The Court granted an interim injunction against the defendant from using the mark in India as well as in the export market to prevent the plaintiff from irreparable loss and injury and quashed the appeal by the defendant. [21]

D.C. Comics v. Towle[22]

This very interesting case is a recent and landmark judgment in the field of copyright law.

Facts of the Case

DC Comics (DC) is the publisher and copyright owner of comic books featuring the story of the world-famous character, Batman. Originally introduced in the Batman comic books in 1941, the Batmobile is a fictional, high-tech automobile that Batman employs as his primary mode of transportation. The Batmobile has varied in appearance over the years, but its name and key characteristics as Batman’s personal crime-fighting vehicle have remained consistent.

Since its creation in the comic books, the Batmobile has also been depicted in numerous television programs and motion pictures. Two of these depictions are relevant to this case: the 1966 television series Batman, starring Adam West, and the 1989 motion picture Batman, starring Michael Keaton. Defendant Mark Towle produces replicas of the Batmobile as it appeared in both the 1966 television show and 1989 motion picture as part of his business at Gotham Garage, where he manufactures and sells replicas of automobiles featured in motion pictures or television programs for approximately “avid car collectors” who “know the entire history of the Batmobile.” Towle also sells kits that allow customers to modify their cars to look like the Batmobile, as it appeared in the 1966 television show and the 1989 motion picture.

DC filed this action against Towle, alleging, among other things, causes of action for copyright infringement, trademark infringement, and unfair competition arising from Towle’s manufacture and sale of the Batmobile replicas. The district court passed a summary judgment in favour of DC.

Intellectual Property Rights

Batmobile as created by Mark Towle


Summary of Judgment

The main question for consideration is whether BATMOBILE is entitled to copyright protection. The Court of Appeal relied on a number of historical decisions in deciding this case. The court held that copyright protection extends not only to original work as a whole but also to “sufficiently distinctive” elements, like comic book characters, contained within the work.[23]

Although comic book characters are not listed in the Copyright Act, courts have long held that, as distinguished from purely “literary” characters, comic book characters, which have “physical as well as conceptual qualities”, are copyrightable.[24] The court relied on the judgment in Hachiki’s case[25] where it was held that automotive character can be copyrightable. Moreover, it has been held that copyright protection can apply for a character even if the character’s appearance changes over time.[26]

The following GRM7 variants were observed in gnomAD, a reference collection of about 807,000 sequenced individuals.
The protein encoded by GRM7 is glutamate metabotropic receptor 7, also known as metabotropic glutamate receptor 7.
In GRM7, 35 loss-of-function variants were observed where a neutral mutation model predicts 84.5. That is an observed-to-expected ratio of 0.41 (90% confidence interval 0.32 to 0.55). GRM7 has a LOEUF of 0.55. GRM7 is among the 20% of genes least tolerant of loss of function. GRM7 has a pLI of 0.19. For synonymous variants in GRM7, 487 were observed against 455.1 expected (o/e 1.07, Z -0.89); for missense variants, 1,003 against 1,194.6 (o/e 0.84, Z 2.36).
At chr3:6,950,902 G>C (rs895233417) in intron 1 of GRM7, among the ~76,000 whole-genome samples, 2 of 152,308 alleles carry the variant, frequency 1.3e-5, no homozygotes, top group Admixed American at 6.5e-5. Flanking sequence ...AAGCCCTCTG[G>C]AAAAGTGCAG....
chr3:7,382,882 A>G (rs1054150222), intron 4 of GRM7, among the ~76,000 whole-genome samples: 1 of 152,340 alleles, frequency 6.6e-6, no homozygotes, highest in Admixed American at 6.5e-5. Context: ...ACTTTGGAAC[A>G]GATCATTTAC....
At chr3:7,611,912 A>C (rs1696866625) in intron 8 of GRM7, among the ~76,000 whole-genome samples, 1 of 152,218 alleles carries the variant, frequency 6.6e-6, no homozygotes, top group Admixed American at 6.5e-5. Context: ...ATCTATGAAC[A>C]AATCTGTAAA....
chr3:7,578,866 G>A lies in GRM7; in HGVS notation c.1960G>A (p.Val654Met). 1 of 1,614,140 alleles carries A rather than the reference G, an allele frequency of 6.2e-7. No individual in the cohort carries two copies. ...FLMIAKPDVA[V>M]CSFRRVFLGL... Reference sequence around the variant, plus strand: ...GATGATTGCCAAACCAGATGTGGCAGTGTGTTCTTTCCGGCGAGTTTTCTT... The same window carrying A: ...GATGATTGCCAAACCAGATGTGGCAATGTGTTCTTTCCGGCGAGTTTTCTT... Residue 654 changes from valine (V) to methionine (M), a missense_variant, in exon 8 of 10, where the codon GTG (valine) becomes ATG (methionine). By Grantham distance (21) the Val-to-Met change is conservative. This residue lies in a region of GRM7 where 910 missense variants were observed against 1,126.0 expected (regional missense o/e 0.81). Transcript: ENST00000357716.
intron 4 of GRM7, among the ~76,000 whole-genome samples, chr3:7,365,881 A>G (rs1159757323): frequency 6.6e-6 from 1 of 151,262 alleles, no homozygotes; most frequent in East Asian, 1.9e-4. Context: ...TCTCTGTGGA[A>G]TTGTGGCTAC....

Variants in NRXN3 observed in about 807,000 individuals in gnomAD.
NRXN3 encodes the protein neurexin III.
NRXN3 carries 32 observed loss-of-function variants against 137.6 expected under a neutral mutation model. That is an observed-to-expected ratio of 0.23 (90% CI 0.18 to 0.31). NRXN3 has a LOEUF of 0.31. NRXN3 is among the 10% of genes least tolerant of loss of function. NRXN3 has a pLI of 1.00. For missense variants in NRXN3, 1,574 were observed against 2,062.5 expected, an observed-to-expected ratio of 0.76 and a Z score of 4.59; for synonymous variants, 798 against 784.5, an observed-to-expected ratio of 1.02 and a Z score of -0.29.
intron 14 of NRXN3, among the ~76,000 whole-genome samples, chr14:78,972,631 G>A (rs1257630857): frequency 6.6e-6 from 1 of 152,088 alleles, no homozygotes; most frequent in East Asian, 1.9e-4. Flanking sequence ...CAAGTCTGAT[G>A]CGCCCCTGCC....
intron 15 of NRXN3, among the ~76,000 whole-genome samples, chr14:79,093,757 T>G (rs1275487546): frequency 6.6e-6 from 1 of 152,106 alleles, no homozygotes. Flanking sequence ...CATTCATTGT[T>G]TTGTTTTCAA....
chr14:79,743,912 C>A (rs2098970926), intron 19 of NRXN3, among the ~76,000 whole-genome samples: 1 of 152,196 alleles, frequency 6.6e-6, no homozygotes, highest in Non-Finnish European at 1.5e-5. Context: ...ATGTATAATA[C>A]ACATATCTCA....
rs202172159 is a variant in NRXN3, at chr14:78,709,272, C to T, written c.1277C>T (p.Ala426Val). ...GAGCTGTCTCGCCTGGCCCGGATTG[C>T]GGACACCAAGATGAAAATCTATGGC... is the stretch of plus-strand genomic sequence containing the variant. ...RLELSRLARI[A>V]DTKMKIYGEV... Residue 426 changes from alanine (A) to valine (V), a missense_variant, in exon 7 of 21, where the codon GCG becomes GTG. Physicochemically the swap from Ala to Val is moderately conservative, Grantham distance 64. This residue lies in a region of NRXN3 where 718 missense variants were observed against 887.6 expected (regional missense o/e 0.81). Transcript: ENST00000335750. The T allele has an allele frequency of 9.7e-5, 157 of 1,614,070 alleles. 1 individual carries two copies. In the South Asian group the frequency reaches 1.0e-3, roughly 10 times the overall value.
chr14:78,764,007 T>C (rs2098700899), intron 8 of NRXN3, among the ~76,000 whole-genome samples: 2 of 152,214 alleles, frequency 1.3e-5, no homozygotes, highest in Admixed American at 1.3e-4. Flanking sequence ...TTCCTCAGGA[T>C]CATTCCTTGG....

The U.S. Court of Appeals for the Ninth Circuit in this case developed a three-part test for determining protection of a character appearing in comic books, television programs or films under the 1976 Copyright Act, independent of any specific work in which it has appeared and irrespective of whether it “lacks sentient attributes and does not speak” as explained above.[27]

Held

The court held that the present case satisfied the three-part test DC had the right to bring suit because it had reserved all merchandising rights when it granted licenses for the creation of the 1966 Batman television series and the 1989 Batman film. 

It was held that the 1966 program and 1989 film were derivative works of the original Batman comics and that any infringement of those derivative works also gave rise to a claim for DC, the copyright owner of the underlying works. 

It was found that Towle’s replicas infringed upon DC’s rights hence the Court also upheld the District Court’s refusal to allow Towle to assert a laches defense on DC’s trademark claims because the infringement was found to be willful.[28]

Conclusion

The law relating to intellectual property is constantly evolving all around the world. Being a relatively new concept, there are many areas which still need developing and protection of the laws. All the above-mentioned case laws have a wide impact on society. They have brought about major breakthroughs in IP law.


By – Fathima Mehendi

National University of Advanced Legal Studies


References

[1] AIR 2014 Bom 178

[2] www.manupatra.com

[3] LANDMARK JUDGEMENTS IN PATENT LAW, Available at http://www.talwaradvocates.com/landmark-judgements-patent-law/

[4] BAYER CORP. V. UNION OF INDIA, Available at http://www.indialaw.in/blog/blog/intellectual-property-rights/bayer-corp-v-union-of-india/  

[5] 447 U.S. 303, 100 S. Ct. 2204 (1980)

[6] DIAMOND v. CHAKRABARTY(1980), Available at https://caselaw.findlaw.com/us-supreme-court/447/303.html

[7] 437 U.S. 584 (1978)

[8] Diamond v. Chakrabarty, Available at https://www.quimbee.com/cases/diamond-v-chakrabarty

[9] Hartranft v. Wiegmann, 121 U.S. 609, 615

[10] https://www.lexisnexis.com/lawschool/resources/p/casebrief-diamond-v-chakrabarty.aspx

[11] 1999(19)PTC201(Del)

[12] Anti-cybersquatting Consumer Protection Act (15 U.S.C. 1125(d))

[13] Hereinafter referred to as the ‘Act’.

[14] MANU/DE/0120/1999

[15] 1996 PTC 142

[16] 42 USPQ 2d 1850

[17] Jesus Vs. Brodsky, 46 USPQ 2d 1652

[18] MANU/DE/2698/2009

[19] www.lexquest.com

[20] Case analysis: Coca-Cola Co. Vs. Bisleri International Pvt. Ltd, Available at https://brandsandfakes.com/case-analysis-coca-cola-co-vs-bisleri-international-pvt-ltd/135/

[21] LANDMARK JUDGEMENTS IN TRADEMARKS LAW, Available at http://www.talwaradvocates.com/5-landmark-judgements-trademarks-law/

[22] MANU/FENT/2518/2015

[23] Halicki Films, LLC v. Sanderson Sales & Mktg, 547 F.3d 1213, 1224 (9th Cir. 2008)

[24] Walt Disney Productions v. Air Pirates, 581 F.2d 751 (9th Cir. 1978).

[25] Halicki Films, LLC v Sanderson Sales & Marketing, 547 F.3d 1213 (9th Cir. 2008).

[26] Toho Co., Ltd. v. William Morrow & Co., Inc., 33 F.Supp.2d 1206 (C.D. Cal. 1998)

[27] http://www.frosszelnick.com/dc-comics-v-towle

[28] ibid